Retro Clas­sics’ or­gan­iser ex­plains why a buoy­ant clas­sic mar­ket is hun­gry for events

Classic Car Weekly (UK) - - This Week - Mur­ray Scul­lion

Fol­low­ing 17 con­sec­u­tive suc­cess­ful Retro Clas­sics at Stuttgart, the show’s or­gan­is­ers have re­vealed plans to in­crease the size and breadth of its ap­peal – by branch­ing out into other cities.

Retro Clas­sics opened its sec­ond show in Nurem­berg last year, and will house its first event in Cologne on 24-26 Novem­ber. Both of these shows are much smaller than the Stuttgart based af­fair, which now wel­comes close to 90,000 vis­i­tors, whereas Nurem­berg’s first show at­tracted 26,544 and or­gan­is­ers be­lieve that Cologne will house around 40,000.

Karl-Ul­rich Her­rmann, man­ag­ing part­ner of Retro Clas­sics, at­tributes the growth in his busi­ness to the growth in the clas­sic scene. He says: ‘ We would be fully jus­ti­fied in say­ing that there is cur­rently a boom. The his­toric and clas­sic cars mar­ket has grown steadily over the last 17 years since the first show opened its doors in Stuttgart.’

And it would ap­pear that Her­rmann is right – the num­ber of reg­is­tered his­toric and clas­sic cars has in­creased sig­nif­i­cantly in Ger­many in re­cent years. The to­tal num­ber of mov­ing ve­hi­cles in the coun­try is now around 700,000 and there are an­other 400,000 non-reg­is­tered his­toric and clas­sic cars. Of the reg­is­tered ve­hi­cles, ap­prox­i­mately 350,000 ve­hi­cles have a reg­is­tra­tion num­ber.

Er­win Mayer, head of BMW branch in Stuttgart, thinks that man­u­fac­turer par­tic­i­pa­tion is here to stay. He says: ‘ We did Stuttgart for the first time in 2017. It’s a great way to show­case what we do. We’re in in­tense co-op­er­a­tion with BMW in Mu­nich, and we have ac­cess to more than 50,000 parts.’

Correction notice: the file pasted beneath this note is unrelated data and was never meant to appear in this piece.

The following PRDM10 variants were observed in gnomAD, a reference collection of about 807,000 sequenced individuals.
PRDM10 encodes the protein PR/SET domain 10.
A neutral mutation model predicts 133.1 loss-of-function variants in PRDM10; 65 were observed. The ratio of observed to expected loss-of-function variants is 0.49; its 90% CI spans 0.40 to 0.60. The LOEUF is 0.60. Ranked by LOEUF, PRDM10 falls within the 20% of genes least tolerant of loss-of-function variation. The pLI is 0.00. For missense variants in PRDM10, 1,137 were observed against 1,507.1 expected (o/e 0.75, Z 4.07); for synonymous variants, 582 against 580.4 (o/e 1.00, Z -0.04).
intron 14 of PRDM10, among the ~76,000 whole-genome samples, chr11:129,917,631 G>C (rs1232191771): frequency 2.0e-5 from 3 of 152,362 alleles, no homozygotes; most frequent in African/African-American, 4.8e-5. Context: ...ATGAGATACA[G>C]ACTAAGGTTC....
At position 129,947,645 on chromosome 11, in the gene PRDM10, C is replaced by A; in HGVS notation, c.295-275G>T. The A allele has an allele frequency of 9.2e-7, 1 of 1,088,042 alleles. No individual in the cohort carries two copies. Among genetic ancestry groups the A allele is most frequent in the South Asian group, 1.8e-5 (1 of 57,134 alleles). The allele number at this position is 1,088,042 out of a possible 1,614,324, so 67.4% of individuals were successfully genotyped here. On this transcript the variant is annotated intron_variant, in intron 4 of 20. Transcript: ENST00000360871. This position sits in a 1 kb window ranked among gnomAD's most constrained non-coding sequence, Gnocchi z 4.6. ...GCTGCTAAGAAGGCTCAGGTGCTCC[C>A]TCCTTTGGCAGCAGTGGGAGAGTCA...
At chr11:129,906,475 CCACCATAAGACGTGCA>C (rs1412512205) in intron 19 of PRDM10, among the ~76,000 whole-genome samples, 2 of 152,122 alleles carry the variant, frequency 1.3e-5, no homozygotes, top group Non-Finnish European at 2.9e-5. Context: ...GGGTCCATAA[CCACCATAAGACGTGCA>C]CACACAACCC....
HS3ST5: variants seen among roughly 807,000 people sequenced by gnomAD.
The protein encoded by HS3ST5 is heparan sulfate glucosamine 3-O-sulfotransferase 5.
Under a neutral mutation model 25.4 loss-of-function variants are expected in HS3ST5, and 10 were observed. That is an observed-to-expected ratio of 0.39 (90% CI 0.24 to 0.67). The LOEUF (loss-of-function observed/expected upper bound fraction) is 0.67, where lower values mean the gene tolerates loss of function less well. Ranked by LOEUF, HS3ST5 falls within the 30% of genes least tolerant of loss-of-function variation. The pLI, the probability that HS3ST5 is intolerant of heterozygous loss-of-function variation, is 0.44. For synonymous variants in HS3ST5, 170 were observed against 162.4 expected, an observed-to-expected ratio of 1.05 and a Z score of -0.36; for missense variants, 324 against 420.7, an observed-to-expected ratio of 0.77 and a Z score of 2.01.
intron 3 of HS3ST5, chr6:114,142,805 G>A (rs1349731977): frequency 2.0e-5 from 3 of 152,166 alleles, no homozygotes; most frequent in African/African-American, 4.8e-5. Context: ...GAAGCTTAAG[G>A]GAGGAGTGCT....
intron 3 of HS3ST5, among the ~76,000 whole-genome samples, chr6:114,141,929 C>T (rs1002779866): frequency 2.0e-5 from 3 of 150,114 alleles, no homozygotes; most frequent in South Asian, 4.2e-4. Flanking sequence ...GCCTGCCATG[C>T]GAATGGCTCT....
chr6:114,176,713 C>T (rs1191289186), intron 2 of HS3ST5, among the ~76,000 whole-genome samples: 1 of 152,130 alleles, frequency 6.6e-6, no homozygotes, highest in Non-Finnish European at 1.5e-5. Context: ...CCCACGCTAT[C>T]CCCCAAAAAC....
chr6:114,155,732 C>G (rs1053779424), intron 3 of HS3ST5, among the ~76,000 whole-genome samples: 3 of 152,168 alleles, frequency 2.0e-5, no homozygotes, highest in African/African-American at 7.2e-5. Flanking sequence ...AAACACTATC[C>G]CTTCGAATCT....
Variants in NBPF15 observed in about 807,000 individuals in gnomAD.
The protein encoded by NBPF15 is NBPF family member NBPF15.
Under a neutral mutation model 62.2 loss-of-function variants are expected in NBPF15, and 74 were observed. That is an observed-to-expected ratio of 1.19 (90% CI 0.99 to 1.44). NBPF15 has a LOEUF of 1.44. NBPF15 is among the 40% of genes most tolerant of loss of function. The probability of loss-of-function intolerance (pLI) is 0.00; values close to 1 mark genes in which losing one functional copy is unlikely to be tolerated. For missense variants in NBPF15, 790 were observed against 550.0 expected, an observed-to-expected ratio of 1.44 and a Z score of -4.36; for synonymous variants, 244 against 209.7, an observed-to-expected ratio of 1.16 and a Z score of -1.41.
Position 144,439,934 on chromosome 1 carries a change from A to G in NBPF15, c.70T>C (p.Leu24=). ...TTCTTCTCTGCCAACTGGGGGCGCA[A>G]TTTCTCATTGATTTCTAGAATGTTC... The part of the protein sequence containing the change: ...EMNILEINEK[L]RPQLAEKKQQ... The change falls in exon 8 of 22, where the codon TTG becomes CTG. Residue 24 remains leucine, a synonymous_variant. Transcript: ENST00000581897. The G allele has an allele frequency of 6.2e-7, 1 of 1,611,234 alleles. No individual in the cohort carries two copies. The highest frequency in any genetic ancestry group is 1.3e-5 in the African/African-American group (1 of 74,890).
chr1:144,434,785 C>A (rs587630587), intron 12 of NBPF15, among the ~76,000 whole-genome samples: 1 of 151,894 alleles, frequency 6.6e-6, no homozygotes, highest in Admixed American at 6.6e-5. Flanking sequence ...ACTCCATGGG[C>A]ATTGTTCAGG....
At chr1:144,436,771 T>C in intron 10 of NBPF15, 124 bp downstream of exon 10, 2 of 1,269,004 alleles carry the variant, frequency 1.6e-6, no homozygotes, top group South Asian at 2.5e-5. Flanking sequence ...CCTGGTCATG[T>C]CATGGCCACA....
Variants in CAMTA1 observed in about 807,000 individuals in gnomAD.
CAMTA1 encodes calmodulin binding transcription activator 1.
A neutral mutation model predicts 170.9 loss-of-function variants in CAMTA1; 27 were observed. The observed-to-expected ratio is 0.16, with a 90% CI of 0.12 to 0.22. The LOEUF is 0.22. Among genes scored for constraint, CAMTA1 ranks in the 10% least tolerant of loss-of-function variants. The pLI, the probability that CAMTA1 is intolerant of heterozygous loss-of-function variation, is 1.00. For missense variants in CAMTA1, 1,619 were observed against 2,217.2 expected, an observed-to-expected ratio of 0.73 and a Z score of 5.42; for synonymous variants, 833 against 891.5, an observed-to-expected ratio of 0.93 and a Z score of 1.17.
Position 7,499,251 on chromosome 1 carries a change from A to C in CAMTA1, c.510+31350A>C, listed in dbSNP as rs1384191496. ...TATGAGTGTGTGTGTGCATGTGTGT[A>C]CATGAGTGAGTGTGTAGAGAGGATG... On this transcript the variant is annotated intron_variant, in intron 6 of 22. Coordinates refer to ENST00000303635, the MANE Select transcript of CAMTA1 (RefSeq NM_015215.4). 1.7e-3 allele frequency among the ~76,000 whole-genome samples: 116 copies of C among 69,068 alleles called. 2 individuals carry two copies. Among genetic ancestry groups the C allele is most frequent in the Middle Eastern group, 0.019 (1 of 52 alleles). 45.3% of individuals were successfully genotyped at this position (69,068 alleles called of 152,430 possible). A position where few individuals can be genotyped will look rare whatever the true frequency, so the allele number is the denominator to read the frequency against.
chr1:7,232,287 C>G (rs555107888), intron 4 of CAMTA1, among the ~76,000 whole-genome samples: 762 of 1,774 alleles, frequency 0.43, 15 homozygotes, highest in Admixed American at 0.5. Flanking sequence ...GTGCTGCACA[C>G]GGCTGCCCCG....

The clas­sic car scene is chang­ing cul­tur­ally, as well as in size. Mod­ern clas­sics hold the largest share in the Ger­man mar­ket, some­thing that is ob­vi­ous from Retro Clas­sics Stuttgart. Some 17 years ago, pre-war cars com­prisedf around 50 per cent of the show. In 2017, it ac­counted for just five per cent.

Karl-Ul­rich Her­rmann adds: ‘ Young his­toric and clas­sic cars, cars which I my­self bought as new ve­hi­cles in the 1970s and 1980s, now rep­re­sent the largest share of the mar­ket. And so it’s clear that the term ‘clas­sic car’ is also chang­ing. Whereas two decades ago only pre-war mod­els were con­sid­ered to be his­toric and clas­sic cars, now Young­timers are very much on the rise and we clearly must adapt to that.’

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